Has Massachusetts Encryption Law Stopped It’s Evolution?

This week I want to take a look at encryption laws. Only a few short years ago no law or regulation really had explicit encryption requirements. HIPAA, passed in 1996 with effective compliance deadline requirements in 2003 (Privacy Rule) and 2005 (Security Rule) included withint the Security Rule that encryption was “addressable” based upon the results of risk assessment.
However, encryption became a more hotly debated topic with the more recent Massachusetts and Nevada laws that explicitly require organizations to encrypt personally identifiable information (PII). Now the question of whether or not the Massachusetts law will indeed be enforced upon the current compliance date of January 1, 2010 is once more in the news…

First let’s look at a history of Massachusetts law 201 CMR 17.00

  • The Massachusetts Office of Consumer Affairs and Business Regulation (OCABR) was authorized to issue this data security law under the state data breach notification law (H.B. 4144), which was enacted in August 2007.
  • In September 2008, the OCABR issued 201 CMR 17.00, which was originally set to take effect January 1, 2009.
  • In November 2008, the OCABR issued emergency amendments that extended the effective date of the regulations until May 1, 2009.
  • In February 2009, the OCABR again extended the effective date so that the rules would not take effect until January 1, 2010 for encryption for most portable devices. They also updated the parts of the law related to business obligations for oversight of third party service provider data security by removing the requirement for written compliance certification by vendors.

So will the law stick? Or, will the state Legislature may once more amend the law?
In January Massachusetts Senator Michael W. Morrissey introduced SB 173, to amend the data breach notice law authorization for the OCABR to issue data security rules. “An Act ensuring the privacy of certain data.” The title is misleading; the bill would do more to put data at risk than to protect it; so maybe the title is accurate in that it only helps to protect just “certain” types of PII data.
If passed as written, this proposed law would:

  • Prevent OCABR from mandating the use of specific types of security technology, including encryption
  • Require the OCABR take consider the size, scope, and type of businesses covered by the regulations, as well as the resources available to the covered entity and the “need for security and confidentiality of both consumer and employee information”
  • Mandate the OCABR to issue separate data security regulations for small businesses that take into account their “unique situation and resources”
  • Require that OCABR data security regulations deem a business that is required to be in compliance with federal data security laws, rules, or guidance on the safeguarding of personal information to be in compliance with the state regulations.

Morrissey and his supporters don’t seem to realize that a small organization can handle large amounts of PII, and have experienced more breaches of PII, than many/most other types of organizations. Most of those breaches could have been prevented with safeguards such as encryption.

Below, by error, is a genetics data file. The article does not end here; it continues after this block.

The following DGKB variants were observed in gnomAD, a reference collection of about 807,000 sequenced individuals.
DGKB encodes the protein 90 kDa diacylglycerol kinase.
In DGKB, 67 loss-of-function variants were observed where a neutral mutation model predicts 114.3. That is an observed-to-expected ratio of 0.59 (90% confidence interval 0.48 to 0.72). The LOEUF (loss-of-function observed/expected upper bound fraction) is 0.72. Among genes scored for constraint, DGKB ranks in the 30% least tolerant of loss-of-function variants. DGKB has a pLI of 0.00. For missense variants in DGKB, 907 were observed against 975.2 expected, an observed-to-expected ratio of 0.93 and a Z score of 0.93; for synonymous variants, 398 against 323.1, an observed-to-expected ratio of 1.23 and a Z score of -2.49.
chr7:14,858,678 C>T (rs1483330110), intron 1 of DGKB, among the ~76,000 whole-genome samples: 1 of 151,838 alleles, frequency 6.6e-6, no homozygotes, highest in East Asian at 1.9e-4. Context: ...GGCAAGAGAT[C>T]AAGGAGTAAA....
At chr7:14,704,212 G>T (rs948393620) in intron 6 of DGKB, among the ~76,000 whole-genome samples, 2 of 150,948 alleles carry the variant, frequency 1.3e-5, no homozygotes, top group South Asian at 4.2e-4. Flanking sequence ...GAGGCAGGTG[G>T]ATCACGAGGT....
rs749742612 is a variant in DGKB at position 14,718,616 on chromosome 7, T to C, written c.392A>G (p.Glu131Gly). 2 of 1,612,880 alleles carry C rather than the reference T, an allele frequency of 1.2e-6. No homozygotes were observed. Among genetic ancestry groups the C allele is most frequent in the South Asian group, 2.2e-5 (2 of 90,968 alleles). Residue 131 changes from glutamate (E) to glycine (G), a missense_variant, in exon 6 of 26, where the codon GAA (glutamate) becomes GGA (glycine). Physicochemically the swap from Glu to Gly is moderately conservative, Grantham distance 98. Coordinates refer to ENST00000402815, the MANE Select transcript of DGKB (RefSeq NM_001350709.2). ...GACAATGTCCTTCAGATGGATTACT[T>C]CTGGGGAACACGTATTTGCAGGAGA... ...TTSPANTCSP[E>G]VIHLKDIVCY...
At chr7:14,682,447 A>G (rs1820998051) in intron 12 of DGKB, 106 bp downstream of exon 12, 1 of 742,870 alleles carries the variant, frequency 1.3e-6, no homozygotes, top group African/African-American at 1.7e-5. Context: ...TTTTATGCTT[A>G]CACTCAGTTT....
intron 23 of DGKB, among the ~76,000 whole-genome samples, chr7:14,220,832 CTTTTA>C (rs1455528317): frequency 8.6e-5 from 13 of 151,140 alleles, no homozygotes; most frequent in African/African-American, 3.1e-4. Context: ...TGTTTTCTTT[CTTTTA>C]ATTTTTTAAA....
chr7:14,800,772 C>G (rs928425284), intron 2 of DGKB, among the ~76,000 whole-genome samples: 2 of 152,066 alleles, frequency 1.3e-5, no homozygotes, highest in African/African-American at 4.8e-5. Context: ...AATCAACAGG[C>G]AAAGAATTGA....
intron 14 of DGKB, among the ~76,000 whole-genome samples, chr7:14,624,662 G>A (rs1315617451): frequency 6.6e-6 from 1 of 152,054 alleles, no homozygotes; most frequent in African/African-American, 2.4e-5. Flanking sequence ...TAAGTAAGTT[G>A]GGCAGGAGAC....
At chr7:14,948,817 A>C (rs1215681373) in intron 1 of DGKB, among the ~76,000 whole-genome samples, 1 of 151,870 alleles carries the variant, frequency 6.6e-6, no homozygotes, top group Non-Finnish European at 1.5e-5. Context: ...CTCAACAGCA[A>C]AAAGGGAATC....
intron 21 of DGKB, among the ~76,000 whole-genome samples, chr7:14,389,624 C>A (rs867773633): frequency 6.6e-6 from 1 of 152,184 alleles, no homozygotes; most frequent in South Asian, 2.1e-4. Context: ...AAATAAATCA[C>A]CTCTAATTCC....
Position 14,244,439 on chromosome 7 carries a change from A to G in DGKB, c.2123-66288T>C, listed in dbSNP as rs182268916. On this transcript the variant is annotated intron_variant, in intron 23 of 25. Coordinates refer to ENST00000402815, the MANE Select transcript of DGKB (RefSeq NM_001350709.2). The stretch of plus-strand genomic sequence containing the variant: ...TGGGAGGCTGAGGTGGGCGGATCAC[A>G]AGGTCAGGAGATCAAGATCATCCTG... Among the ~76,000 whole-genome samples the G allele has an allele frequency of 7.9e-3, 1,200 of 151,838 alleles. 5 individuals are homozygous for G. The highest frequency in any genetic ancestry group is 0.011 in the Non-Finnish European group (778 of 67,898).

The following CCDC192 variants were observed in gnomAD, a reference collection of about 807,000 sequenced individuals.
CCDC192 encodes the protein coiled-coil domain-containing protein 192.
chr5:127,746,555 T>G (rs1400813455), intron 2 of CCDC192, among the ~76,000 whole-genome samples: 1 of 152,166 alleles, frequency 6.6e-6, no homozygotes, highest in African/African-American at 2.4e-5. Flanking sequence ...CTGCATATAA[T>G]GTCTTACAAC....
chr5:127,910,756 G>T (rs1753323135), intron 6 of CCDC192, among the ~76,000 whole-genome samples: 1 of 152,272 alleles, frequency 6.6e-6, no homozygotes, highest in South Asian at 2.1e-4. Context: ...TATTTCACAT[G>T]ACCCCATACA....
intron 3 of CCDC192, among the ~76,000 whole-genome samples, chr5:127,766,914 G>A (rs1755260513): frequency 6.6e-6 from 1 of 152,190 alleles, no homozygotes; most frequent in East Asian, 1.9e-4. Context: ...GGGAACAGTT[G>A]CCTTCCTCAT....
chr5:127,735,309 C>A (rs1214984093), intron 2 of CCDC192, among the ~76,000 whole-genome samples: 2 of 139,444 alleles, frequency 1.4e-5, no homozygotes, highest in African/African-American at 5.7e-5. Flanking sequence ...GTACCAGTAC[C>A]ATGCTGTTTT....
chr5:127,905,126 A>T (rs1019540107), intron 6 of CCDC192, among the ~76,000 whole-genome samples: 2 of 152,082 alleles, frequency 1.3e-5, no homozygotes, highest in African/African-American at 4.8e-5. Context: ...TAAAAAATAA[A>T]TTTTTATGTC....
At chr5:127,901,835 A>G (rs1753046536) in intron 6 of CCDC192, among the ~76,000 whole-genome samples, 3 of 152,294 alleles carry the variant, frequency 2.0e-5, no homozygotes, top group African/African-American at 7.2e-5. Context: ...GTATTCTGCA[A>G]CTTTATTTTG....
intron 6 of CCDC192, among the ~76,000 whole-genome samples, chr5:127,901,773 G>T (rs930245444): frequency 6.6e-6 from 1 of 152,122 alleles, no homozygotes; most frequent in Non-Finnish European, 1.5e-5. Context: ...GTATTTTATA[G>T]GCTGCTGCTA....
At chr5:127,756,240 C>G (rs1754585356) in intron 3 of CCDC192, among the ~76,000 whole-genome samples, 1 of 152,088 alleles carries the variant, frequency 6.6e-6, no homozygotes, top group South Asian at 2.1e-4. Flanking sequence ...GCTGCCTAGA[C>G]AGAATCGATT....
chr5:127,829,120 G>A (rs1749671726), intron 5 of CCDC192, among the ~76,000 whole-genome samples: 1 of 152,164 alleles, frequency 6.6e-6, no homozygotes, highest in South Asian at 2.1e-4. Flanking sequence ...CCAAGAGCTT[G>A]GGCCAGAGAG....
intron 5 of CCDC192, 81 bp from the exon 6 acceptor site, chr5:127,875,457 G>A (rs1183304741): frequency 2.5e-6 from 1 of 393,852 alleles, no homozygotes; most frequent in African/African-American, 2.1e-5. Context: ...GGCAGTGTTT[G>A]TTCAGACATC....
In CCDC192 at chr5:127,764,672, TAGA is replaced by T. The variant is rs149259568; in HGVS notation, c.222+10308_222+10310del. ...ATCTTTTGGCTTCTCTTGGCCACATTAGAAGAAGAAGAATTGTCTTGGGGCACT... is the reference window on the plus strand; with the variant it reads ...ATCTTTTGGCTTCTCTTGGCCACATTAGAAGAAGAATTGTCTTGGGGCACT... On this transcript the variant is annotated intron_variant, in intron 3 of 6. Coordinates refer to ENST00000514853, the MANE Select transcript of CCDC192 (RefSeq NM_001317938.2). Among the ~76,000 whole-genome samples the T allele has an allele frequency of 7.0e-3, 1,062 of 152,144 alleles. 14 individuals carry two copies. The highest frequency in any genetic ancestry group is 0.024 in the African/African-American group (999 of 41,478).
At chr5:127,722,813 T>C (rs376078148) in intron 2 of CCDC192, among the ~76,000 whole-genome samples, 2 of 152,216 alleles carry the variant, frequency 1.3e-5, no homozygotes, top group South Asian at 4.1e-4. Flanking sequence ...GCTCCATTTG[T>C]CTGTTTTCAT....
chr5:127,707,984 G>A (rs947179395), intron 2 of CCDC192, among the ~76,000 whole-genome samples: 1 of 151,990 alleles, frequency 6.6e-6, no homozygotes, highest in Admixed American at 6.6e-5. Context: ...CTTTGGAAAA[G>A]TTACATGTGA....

Over the past few years I’ve performed 150+ information security and privacy program reviews for a large, multi-national organization. A very large number of their business partners to whom they outsource some type of customer and/or employee PII handling/processing were small, often very small companies. They were literally placing the security of literally hundreds of millions of people’s PII into the hands of organizations, some of which had only 5 people (all related), 7 people, and many more organizations with less than 20 people. The security and privacy vulnerabilites I found within those organizations were significant.
It is not wise to create information security and privacy laws based simply upon the size of the organization. Size does not indicate the possible enormity of a PII breach when a tiny company can be processing hundreds of millions of PII records.
Legally holding all organizations that handle PII to a base level standard of information security and privacy protections is necessary. Requiring a minimum standard of encryption for PII on mobile computers and data storage devices, along with when sending PII through public networks, should be a common sense move to address the common risks to PII in these situations.
People don’t want their PII to breached by a company of two employees any more than they want it to be breached by a company of 2,000, 20,000 or 200,000 employees.
The Morrissey bill was sent March 11 to the Assembly Joint Committee on Consumer Protection and Professional Licensure, which is also chaired by Morrissey, but has not seen any action since. Hopefully a good sign, but I’m now hearing stirrings from various DC groups that something will be happening soon.
If organizations would invest as much time and money safeguarding data as they do paying lobbyists to oppose legal safeguard requirements, PII would be much safer, and we’d see fewer breaches!

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